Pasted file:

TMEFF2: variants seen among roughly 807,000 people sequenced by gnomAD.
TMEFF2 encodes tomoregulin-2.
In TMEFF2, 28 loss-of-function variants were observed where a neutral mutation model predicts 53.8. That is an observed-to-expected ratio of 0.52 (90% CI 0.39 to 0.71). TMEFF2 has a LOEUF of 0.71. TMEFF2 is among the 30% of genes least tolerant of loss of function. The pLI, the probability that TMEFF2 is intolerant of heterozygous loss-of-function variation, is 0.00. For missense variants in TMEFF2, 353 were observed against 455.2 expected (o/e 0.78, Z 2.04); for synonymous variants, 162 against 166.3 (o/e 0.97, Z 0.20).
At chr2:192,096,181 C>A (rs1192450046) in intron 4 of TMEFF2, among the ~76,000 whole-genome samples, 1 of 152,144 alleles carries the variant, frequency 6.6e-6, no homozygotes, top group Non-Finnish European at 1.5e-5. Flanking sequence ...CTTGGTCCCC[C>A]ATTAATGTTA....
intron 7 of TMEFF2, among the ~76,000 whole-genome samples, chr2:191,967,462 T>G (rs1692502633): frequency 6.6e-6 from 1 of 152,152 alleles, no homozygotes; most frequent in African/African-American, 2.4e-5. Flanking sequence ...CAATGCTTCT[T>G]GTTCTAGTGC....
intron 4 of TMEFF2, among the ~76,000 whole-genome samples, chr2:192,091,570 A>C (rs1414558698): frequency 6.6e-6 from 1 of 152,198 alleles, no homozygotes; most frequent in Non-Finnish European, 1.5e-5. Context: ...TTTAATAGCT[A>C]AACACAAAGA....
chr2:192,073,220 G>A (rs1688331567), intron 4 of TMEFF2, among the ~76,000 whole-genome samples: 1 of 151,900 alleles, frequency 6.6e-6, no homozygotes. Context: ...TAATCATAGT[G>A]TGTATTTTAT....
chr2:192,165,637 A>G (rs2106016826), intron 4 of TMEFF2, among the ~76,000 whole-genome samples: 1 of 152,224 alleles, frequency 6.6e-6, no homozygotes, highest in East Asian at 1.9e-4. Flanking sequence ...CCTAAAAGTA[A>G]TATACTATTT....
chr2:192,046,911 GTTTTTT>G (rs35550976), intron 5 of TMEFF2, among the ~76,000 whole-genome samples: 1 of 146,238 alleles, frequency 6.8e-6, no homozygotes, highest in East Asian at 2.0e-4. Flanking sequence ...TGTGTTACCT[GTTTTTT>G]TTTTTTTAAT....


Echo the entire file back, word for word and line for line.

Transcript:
TMEFF2: variants seen among roughly 807,000 people sequenced by gnomAD.
TMEFF2 encodes tomoregulin-2.
In TMEFF2, 28 loss-of-function variants were observed where a neutral mutation model predicts 53.8. That is an observed-to-expected ratio of 0.52 (90% CI 0.39 to 0.71). TMEFF2 has a LOEUF of 0.71. TMEFF2 is among the 30% of genes least tolerant of loss of function. The pLI, the probability that TMEFF2 is intolerant of heterozygous loss-of-function variation, is 0.00. For missense variants in TMEFF2, 353 were observed against 455.2 expected (o/e 0.78, Z 2.04); for synonymous variants, 162 against 166.3 (o/e 0.97, Z 0.20).
At chr2:192,096,181 C>A (rs1192450046) in intron 4 of TMEFF2, among the ~76,000 whole-genome samples, 1 of 152,144 alleles carries the variant, frequency 6.6e-6, no homozygotes, top group Non-Finnish European at 1.5e-5. Flanking sequence ...CTTGGTCCCC[C>A]ATTAATGTTA....
intron 7 of TMEFF2, among the ~76,000 whole-genome samples, chr2:191,967,462 T>G (rs1692502633): frequency 6.6e-6 from 1 of 152,152 alleles, no homozygotes; most frequent in African/African-American, 2.4e-5. Flanking sequence ...CAATGCTTCT[T>G]GTTCTAGTGC....
intron 4 of TMEFF2, among the ~76,000 whole-genome samples, chr2:192,091,570 A>C (rs1414558698): frequency 6.6e-6 from 1 of 152,198 alleles, no homozygotes; most frequent in Non-Finnish European, 1.5e-5. Context: ...TTTAATAGCT[A>C]AACACAAAGA....
chr2:192,073,220 G>A (rs1688331567), intron 4 of TMEFF2, among the ~76,000 whole-genome samples: 1 of 151,900 alleles, frequency 6.6e-6, no homozygotes. Context: ...TAATCATAGT[G>A]TGTATTTTAT....
chr2:192,165,637 A>G (rs2106016826), intron 4 of TMEFF2, among the ~76,000 whole-genome samples: 1 of 152,224 alleles, frequency 6.6e-6, no homozygotes, highest in East Asian at 1.9e-4. Flanking sequence ...CCTAAAAGTA[A>G]TATACTATTT....
chr2:192,046,911 GTTTTTT>G (rs35550976), intron 5 of TMEFF2, among the ~76,000 whole-genome samples: 1 of 146,238 alleles, frequency 6.8e-6, no homozygotes, highest in East Asian at 2.0e-4. Flanking sequence ...TGTGTTACCT[GTTTTTT>G]TTTTTTTAAT....